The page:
The Vanishing Ball Player Moses Cage (1960 - ?)
My hands, nets. My arms, windmills. My heart, a diamond. -Moses Cage, 1989
Cage spent three seasons as a backup left fielder for the Atlanta Braves before he was released, posting a .167 batting average and stealing nary a base in twenty-seven attempts. He then signed with the Nippon Ham Fighters in Japan and became famous for hitting himself in the face with his own bat while standing in the on-deck circle. The incident, Cage swinging his bat wildly with one hand as if slicing through dense brush, was subsequently featured in the opening credits of the variety show, Gokigen TV. He was affectionately called “Broken-nosed Mo” by the fans. Halfway into his second season in Japan, Cage disappeared, his passport still in his apartment, his savings untouched. An exhaustive search provided no clues, although there were several theories regarding his disappearance, including unpaid debts to the Yakuza, an affair with the pink film star Reiko Ike and subsequent discovery by Ike’s husband, and a botched procedure to repair his broken nose.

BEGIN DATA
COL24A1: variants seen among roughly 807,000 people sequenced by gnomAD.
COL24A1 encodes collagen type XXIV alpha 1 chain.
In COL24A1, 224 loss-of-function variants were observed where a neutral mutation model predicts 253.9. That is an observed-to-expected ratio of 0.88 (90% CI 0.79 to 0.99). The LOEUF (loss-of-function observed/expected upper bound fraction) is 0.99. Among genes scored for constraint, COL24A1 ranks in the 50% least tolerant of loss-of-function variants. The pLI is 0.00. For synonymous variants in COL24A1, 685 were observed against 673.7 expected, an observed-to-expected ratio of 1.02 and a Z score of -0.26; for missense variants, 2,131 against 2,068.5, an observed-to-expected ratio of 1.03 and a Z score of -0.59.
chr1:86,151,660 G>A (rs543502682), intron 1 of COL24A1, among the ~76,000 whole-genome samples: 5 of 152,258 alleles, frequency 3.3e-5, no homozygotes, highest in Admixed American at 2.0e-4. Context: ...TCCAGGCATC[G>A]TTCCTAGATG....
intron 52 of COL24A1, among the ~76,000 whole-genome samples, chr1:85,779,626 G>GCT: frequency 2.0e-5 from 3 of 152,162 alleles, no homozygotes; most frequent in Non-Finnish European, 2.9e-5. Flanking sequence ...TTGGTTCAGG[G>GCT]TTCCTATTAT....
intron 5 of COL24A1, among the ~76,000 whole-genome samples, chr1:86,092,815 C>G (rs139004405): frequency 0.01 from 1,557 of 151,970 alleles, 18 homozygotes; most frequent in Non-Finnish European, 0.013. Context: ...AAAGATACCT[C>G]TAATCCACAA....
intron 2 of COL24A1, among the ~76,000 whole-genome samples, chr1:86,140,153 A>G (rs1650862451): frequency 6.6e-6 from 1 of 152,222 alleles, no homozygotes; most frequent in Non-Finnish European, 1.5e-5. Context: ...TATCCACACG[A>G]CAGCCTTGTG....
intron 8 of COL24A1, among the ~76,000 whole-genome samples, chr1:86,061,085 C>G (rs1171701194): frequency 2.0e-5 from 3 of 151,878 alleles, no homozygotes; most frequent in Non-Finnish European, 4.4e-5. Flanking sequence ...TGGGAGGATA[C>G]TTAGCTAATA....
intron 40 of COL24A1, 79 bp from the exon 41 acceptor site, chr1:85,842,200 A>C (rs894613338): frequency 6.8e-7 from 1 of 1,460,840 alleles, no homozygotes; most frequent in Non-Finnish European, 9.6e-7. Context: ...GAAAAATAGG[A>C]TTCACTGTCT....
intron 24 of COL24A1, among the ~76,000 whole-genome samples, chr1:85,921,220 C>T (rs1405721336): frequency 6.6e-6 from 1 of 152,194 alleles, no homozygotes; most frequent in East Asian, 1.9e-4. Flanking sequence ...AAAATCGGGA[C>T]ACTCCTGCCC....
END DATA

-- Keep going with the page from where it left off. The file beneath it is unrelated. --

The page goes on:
In 1989, three years after his disappearance, Cage was discovered at an open tryout for the Samsung Lions in Daegu, South Korea. He garnered attention from the media because of his uniform, a magnificent silver jumpsuit that seemed to be made of “some kind of space age polymer”. After taking to the mound for the first round of tryouts, Cage astounded scouts by reaching speeds of nearly 100 miles per hour, despite having never pitched at any level in organized baseball. During batting exercises, he hit fourteen straight home runs before he walked out of the batter’s box and could not be encouraged to return. He was offered a spot with the Lions but refused. When asked by the media where he had been for the past three years, he said that he had “discovered a doorway to the mythical city of S’ahra-Sharn” and that he had been trained in the arts of Lapta, a sport similar to baseball. He would be returning to America to play Major League Baseball. Despite the strange circumstances of Cage’s reappearance, major league clubs were eager to sign him after another series of tryouts in America produced similar results. He signed a multi-year deal with the Chicago Cubs, where he would pitch third in the rotation behind Greg Maddux and Rick Sutcliffe. On days when he wasn’t pitching, he would replace Vance Law at third base. On opening day, Cage went 3-5 with two home runs. Four days later, he pitched seven scoreless innings and drove in two runs. When asked how he had gone from a player with poor hitting skills and no power to the batter of the past few games, Cage explained that the lapta stick was much heavier and, yet, much skinnier than a baseball bat. “Swinging a baseball bat is like swinging a rope of electricity,” he said. When asked how he had made the transition to pitching so seamlessly, Cage stated that he had “learned the methods of the great priests of S’ahra-Sharn. A fiery hand of iron grasped my vitals and, in time, I learned the mechanics of the razor shuuto.” When informed that Greg Maddux, his teammate, also threw a variation of the Japanese shuuto pitch, Cage responded that Maddux might also be a novice in the S’ahra-Sharn practices. When approached by reporters, Maddux said that Cage’s statement was “rife with inaccuracies.”